"A wacky, twisty-turny tale of a wily artist heading off the cliff of his life."
It is a fine summer morning in San Anselmo, California and Henry Griffin, a depressed philanthropist wannabe and landscape painter, learns from his agent that a rich, famous rock star/media entrepreneur is planning to attend his art show that evening. When the mogul arrives at the California Heritage Gallery he is accompanied by the artist’s childhood sweetheart, a woman he hasn’t seen in twenty years, except in dreams, where she appears almost nightly, a heavenly image of beauty and light. Now he is overwhelmed with desire... and despair, for she is the trophy wife of a rich man. What could she possibly see in a downtrodden, besotted artist? The artist, in a state of love-struck dementia, hatches an outlandish scheme to win her back: he decides to fake his own death, thereby driving up the value of his portfolio. Then, under cover, he’ll continue to produce “undiscovered” work, get rich, and one day return to claim his one true love, and they’ll ride “Fat Boys” together into the sunset to live happily ever after.
" Perception is more important than reality” is one of the oldest unspoken governing truths of Hollywood. In HACK, Jeb Harrison reveals how this rule also applies to the art world, and its painters, agents, and collectors, with comic and bittersweet results. Struggling painter Henry “Hack” Griffin’s brief reunion with his long time unrequited love, Hadley Scofield – and with a complex, charmingly off-beat character like Hadley, the reality is always far more complex – sets in motion a series of ever-escalating ruses that eventually exposes how all the characters in the novel are unable to perceive what is real from that which they so strongly want to be real. Harrison creates a topsy-turvy carousel of disguises, mistaken identities, lies, half-truths, misunderstood motivations, and perhaps even a fable (in the form of a quasi-mythic homeless man) then sets it spinning until it ensnares all of the characters who inhabit the Bay Area’s “see-or-be-art-scene” – from bisexual ex-wives and Marin County divorcees to gay Scottish make-up artists and a rich music video producer and his ex-WWF bodyguard. Harrison gives each of these characters enough credibility to convey that he’s obviously met and known their real counterparts in his life, and an equal amount of hyperbole that makes them both funny and sad, often at the same time. Reading HACK is like a weekend getaway in Marin County: a very enjoyable way to spend your time."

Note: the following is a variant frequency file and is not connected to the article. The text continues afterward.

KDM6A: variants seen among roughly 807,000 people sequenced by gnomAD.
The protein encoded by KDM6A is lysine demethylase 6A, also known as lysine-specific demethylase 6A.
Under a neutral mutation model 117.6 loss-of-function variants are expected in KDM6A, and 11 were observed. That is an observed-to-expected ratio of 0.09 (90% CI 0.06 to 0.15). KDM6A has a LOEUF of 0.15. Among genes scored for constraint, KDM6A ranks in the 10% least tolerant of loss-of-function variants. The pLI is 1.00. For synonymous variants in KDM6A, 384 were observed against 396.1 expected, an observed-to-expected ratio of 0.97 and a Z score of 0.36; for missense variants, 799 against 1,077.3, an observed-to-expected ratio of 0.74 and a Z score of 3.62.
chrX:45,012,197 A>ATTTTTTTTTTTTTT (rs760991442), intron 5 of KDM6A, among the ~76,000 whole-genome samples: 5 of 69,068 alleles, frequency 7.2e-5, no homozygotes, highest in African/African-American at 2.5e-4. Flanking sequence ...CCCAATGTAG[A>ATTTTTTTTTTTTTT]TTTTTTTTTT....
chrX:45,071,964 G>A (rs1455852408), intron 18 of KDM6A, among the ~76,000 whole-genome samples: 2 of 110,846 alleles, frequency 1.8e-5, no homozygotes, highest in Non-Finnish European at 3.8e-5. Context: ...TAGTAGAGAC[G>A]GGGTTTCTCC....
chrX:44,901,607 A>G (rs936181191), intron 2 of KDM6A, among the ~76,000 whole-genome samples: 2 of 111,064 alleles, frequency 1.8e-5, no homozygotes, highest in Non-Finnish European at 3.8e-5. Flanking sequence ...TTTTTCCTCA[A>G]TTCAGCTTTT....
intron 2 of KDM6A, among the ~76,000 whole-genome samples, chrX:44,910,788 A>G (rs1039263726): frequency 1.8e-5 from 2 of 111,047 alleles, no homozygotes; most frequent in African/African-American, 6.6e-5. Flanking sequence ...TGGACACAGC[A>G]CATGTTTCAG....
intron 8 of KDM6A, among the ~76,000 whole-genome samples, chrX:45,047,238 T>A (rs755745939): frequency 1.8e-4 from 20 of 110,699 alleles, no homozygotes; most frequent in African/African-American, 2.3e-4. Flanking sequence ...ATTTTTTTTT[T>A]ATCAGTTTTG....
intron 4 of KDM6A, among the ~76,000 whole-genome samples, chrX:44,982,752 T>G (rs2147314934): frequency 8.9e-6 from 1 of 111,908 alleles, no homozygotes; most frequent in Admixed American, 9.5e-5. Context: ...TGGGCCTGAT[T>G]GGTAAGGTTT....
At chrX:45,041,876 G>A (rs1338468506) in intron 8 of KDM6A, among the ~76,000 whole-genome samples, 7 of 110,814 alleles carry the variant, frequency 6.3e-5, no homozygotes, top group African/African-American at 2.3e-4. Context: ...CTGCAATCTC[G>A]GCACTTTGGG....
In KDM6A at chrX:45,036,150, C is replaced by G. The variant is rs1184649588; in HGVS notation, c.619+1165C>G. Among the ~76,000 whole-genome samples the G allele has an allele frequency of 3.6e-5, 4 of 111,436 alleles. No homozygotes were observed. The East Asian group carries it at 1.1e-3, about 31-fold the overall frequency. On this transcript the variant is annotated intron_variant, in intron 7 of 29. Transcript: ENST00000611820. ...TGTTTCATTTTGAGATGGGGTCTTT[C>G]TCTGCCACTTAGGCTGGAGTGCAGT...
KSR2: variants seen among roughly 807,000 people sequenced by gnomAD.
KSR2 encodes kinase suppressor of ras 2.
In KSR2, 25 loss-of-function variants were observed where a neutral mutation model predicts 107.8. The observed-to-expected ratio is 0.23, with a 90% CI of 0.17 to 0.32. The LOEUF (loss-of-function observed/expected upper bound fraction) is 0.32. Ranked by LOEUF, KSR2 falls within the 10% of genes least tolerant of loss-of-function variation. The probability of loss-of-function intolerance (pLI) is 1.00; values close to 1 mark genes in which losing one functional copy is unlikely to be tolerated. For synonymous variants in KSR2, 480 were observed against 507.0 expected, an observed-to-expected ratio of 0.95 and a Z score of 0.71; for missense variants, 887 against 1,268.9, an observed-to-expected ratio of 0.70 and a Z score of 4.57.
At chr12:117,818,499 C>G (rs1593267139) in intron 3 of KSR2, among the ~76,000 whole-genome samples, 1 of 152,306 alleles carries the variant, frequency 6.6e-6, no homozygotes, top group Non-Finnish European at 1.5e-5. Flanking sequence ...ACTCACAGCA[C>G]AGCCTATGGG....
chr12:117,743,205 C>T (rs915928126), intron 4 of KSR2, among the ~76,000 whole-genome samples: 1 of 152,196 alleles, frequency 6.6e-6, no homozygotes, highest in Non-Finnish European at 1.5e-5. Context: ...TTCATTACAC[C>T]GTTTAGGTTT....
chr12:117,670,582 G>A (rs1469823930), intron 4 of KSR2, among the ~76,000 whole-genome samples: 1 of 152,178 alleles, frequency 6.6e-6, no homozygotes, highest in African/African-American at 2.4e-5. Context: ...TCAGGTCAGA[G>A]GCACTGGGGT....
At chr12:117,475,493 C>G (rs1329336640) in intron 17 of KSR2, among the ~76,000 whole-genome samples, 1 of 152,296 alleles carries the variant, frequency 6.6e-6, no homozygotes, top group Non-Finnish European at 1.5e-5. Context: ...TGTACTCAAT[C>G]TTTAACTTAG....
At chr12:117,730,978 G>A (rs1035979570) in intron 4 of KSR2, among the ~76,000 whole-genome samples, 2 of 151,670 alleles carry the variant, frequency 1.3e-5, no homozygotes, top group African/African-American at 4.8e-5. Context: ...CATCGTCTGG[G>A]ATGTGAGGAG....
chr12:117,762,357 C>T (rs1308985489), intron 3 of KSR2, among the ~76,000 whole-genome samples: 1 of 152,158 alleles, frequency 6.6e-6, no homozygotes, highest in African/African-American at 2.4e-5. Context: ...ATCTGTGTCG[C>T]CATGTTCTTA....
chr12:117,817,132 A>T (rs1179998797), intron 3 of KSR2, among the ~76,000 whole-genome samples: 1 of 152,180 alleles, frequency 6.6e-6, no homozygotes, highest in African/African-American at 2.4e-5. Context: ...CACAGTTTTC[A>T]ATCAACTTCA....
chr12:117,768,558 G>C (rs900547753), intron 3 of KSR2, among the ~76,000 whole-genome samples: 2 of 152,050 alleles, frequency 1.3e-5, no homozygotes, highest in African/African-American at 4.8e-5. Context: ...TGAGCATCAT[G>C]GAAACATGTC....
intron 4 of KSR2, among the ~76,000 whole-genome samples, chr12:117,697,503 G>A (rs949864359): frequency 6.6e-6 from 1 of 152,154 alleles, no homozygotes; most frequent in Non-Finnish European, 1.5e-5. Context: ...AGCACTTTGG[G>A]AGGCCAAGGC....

Stan Chervin, screenwriter of Moneyball